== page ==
Professionals spend most of their time advising clients in an analytical and rational manner. Clients are not interested in your feelings on a subject but in your analysis of it. Indeed, I would venture that most professions favour and reward the analytical over the emotional.

Analysis does not always get the right answer, but it is logical and methodical. It identifies areas of risk and areas which are unknown. By this process, the quality of decision-making is generally improved and more often than not will provide a better decision.

When dealing with a client’s problem, this approach serves well in identifying the key decision drivers or unknown or unknowable areas. When a client is closely “involved” with the subject matter of this decision (say buying a house or a company), this analytical rigour allows the professional to operate and is prized by their client.

This perspective contains an interesting irony. Are professionals able to be analytical about their own careers and practices? Do they analyse the state of their own practice, the future of their practice and its strengths and weaknesses? Do they assess the success factors for growth? Do they understand from research rather than anecdote their competiveness in price or quality compared to their competition? Indeed, do they analytically track their competition or, dare I say, even identify their competition?

I think most professionals dealing with their own lives without the detachment provided by advising someone else become very human and lose the ability to be highly objective.

The outcome is that obvious challenges to or problems inherent in their practice are tolerated rather than addressed. In other words, some of the most analytical minds in the country are sleepwalking into the future.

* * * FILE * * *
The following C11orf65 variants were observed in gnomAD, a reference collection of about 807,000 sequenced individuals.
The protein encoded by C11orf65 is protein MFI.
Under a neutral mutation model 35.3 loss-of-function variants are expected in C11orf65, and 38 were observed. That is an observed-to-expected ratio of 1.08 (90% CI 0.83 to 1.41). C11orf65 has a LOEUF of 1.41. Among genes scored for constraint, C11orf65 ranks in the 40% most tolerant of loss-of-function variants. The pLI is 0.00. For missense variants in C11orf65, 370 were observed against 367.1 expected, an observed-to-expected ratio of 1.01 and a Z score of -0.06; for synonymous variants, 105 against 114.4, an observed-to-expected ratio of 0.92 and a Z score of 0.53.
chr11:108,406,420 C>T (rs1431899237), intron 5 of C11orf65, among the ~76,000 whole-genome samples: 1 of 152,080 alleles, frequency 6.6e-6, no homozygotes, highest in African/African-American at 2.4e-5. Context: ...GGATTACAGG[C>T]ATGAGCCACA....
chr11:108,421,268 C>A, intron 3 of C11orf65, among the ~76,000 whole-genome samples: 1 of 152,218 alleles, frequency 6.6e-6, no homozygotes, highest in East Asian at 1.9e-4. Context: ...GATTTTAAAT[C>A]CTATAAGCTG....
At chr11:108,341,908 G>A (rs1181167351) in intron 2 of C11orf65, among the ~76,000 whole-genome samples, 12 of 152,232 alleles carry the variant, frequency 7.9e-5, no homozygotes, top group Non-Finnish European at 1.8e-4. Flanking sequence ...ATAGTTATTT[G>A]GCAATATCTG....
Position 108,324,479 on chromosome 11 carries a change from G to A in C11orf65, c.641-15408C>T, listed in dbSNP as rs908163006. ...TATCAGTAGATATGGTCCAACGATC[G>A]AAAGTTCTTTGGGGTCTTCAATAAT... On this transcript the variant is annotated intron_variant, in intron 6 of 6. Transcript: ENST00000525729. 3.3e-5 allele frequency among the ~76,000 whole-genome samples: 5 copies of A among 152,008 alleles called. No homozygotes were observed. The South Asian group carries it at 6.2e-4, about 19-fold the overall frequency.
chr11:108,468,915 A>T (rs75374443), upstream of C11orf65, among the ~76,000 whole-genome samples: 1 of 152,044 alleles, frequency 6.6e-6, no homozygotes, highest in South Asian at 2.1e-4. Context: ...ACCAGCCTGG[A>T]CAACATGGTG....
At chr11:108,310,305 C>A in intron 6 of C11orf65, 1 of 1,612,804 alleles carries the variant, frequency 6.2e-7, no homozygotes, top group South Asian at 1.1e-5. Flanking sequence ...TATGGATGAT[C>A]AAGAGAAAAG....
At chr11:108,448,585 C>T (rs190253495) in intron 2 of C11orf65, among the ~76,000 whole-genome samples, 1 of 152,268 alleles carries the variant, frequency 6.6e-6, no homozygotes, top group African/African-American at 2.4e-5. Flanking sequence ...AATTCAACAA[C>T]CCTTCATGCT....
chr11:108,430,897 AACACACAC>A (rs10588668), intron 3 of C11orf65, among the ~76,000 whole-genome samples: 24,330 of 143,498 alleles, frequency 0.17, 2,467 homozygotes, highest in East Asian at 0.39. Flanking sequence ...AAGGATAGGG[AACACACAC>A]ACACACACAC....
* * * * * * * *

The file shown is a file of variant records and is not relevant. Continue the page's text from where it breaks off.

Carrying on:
Should the Coalition Government continue the deregulation of law firm ownership, will you have analysed the impact of the change on your practice?


Liam Wall
Founder
BigWig Legal Network
www.bigwignetwork.co.uk

What is BigWig Legal Network?
The deregulation of UK legal structures will have a huge impact on how Law is practised and new legal services are offered. BigWig Legal Network is the UK’s first membership development organisation for fee earners in legal practices, priced for membership affordability, which will offer what legal professionals desire most of all: Accurate, dependable new insights and techniques for developing the legal services of the future.

Find out more at our monthly meetings.

Who needs a Strategy?

“Strategy”, or the “S word”, is often overused and misunderstood, probably because many organisations refer to plans as strategies when they are just plans.

A proper approach to developing a strategy involves defining where you currently are, examining anticipated developments in your market and your practice, defining your destination and, while on the journey, assessing and aligning the policies, processes and resources necessary to achieve that new vision or position.

This approach is responsive to the future, aiming to take action ahead of time to protect and grow business success. It roots current action in that view of the future and brings with it a degree of change.

If your practice uses a strategic process to define business objectives, you will know. The practice will have told you how the future looks, what your part is and why operational changes are being made or are in the pipeline. In an uncertain world, a practice with a strategy is like an airplane with a pilot and co-pilot at the helm. They constantly assess new data and, within the mission of getting from A to B, make new decisions as required. This contrasts with the autopilot setting of a practice without a strategy.